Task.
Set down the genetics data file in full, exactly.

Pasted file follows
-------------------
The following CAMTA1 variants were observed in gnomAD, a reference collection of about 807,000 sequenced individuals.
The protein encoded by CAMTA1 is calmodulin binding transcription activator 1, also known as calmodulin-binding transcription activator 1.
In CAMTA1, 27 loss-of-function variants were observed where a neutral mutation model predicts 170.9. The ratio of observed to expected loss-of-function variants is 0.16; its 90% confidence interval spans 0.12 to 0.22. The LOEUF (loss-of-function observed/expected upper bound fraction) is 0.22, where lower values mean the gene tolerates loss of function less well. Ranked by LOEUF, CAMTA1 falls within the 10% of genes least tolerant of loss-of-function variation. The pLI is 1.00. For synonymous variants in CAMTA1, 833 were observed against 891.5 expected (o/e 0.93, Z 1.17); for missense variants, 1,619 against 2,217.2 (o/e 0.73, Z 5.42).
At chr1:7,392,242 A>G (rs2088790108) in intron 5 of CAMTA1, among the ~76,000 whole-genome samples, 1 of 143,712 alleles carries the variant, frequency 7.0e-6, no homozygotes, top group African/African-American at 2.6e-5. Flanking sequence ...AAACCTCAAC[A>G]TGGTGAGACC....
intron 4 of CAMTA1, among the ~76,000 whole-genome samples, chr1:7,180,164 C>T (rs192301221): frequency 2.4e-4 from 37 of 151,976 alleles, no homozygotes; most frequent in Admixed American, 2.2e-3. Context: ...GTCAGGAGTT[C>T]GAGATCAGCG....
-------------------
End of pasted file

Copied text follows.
The following CAMTA1 variants were observed in gnomAD, a reference collection of about 807,000 sequenced individuals.
The protein encoded by CAMTA1 is calmodulin binding transcription activator 1, also known as calmodulin-binding transcription activator 1.
In CAMTA1, 27 loss-of-function variants were observed where a neutral mutation model predicts 170.9. The ratio of observed to expected loss-of-function variants is 0.16; its 90% confidence interval spans 0.12 to 0.22. The LOEUF (loss-of-function observed/expected upper bound fraction) is 0.22, where lower values mean the gene tolerates loss of function less well. Ranked by LOEUF, CAMTA1 falls within the 10% of genes least tolerant of loss-of-function variation. The pLI is 1.00. For synonymous variants in CAMTA1, 833 were observed against 891.5 expected (o/e 0.93, Z 1.17); for missense variants, 1,619 against 2,217.2 (o/e 0.73, Z 5.42).
At chr1:7,392,242 A>G (rs2088790108) in intron 5 of CAMTA1, among the ~76,000 whole-genome samples, 1 of 143,712 alleles carries the variant, frequency 7.0e-6, no homozygotes, top group African/African-American at 2.6e-5. Flanking sequence ...AAACCTCAAC[A>G]TGGTGAGACC....
intron 4 of CAMTA1, among the ~76,000 whole-genome samples, chr1:7,180,164 C>T (rs192301221): frequency 2.4e-4 from 37 of 151,976 alleles, no homozygotes; most frequent in Admixed American, 2.2e-3. Context: ...GTCAGGAGTT[C>T]GAGATCAGCG....